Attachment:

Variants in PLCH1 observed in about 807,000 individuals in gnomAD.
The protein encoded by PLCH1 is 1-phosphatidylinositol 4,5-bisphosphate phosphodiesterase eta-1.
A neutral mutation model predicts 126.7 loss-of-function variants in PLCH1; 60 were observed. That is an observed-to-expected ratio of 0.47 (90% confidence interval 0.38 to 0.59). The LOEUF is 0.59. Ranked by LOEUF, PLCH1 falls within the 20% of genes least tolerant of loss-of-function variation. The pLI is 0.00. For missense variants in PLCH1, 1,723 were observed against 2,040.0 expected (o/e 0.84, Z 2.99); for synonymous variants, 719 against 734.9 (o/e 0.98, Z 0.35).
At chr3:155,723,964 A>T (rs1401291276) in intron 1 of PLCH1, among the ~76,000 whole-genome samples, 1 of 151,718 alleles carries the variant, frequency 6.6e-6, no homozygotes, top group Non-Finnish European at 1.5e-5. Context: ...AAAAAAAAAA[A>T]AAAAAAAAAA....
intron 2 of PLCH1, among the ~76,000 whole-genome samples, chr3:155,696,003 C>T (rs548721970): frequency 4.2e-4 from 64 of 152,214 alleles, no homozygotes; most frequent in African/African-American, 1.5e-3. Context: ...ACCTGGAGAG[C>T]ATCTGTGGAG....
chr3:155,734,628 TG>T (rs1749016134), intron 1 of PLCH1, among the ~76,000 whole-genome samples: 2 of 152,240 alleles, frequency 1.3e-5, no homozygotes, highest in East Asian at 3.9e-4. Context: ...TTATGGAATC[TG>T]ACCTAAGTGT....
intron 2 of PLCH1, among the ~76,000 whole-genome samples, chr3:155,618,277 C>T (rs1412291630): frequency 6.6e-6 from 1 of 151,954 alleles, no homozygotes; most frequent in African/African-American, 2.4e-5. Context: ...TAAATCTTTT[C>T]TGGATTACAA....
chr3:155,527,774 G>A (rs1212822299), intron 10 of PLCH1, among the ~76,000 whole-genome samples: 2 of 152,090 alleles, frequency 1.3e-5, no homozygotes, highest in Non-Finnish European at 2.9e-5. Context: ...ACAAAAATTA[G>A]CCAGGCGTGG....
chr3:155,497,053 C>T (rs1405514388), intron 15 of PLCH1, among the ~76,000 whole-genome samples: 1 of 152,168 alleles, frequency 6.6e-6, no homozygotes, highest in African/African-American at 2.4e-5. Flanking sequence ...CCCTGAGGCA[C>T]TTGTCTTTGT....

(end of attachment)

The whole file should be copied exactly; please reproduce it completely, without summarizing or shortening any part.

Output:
Variants in PLCH1 observed in about 807,000 individuals in gnomAD.
The protein encoded by PLCH1 is 1-phosphatidylinositol 4,5-bisphosphate phosphodiesterase eta-1.
A neutral mutation model predicts 126.7 loss-of-function variants in PLCH1; 60 were observed. That is an observed-to-expected ratio of 0.47 (90% confidence interval 0.38 to 0.59). The LOEUF is 0.59. Ranked by LOEUF, PLCH1 falls within the 20% of genes least tolerant of loss-of-function variation. The pLI is 0.00. For missense variants in PLCH1, 1,723 were observed against 2,040.0 expected (o/e 0.84, Z 2.99); for synonymous variants, 719 against 734.9 (o/e 0.98, Z 0.35).
At chr3:155,723,964 A>T (rs1401291276) in intron 1 of PLCH1, among the ~76,000 whole-genome samples, 1 of 151,718 alleles carries the variant, frequency 6.6e-6, no homozygotes, top group Non-Finnish European at 1.5e-5. Context: ...AAAAAAAAAA[A>T]AAAAAAAAAA....
intron 2 of PLCH1, among the ~76,000 whole-genome samples, chr3:155,696,003 C>T (rs548721970): frequency 4.2e-4 from 64 of 152,214 alleles, no homozygotes; most frequent in African/African-American, 1.5e-3. Context: ...ACCTGGAGAG[C>T]ATCTGTGGAG....
chr3:155,734,628 TG>T (rs1749016134), intron 1 of PLCH1, among the ~76,000 whole-genome samples: 2 of 152,240 alleles, frequency 1.3e-5, no homozygotes, highest in East Asian at 3.9e-4. Context: ...TTATGGAATC[TG>T]ACCTAAGTGT....
intron 2 of PLCH1, among the ~76,000 whole-genome samples, chr3:155,618,277 C>T (rs1412291630): frequency 6.6e-6 from 1 of 151,954 alleles, no homozygotes; most frequent in African/African-American, 2.4e-5. Context: ...TAAATCTTTT[C>T]TGGATTACAA....
chr3:155,527,774 G>A (rs1212822299), intron 10 of PLCH1, among the ~76,000 whole-genome samples: 2 of 152,090 alleles, frequency 1.3e-5, no homozygotes, highest in Non-Finnish European at 2.9e-5. Context: ...ACAAAAATTA[G>A]CCAGGCGTGG....
chr3:155,497,053 C>T (rs1405514388), intron 15 of PLCH1, among the ~76,000 whole-genome samples: 1 of 152,168 alleles, frequency 6.6e-6, no homozygotes, highest in African/African-American at 2.4e-5. Flanking sequence ...CCCTGAGGCA[C>T]TTGTCTTTGT....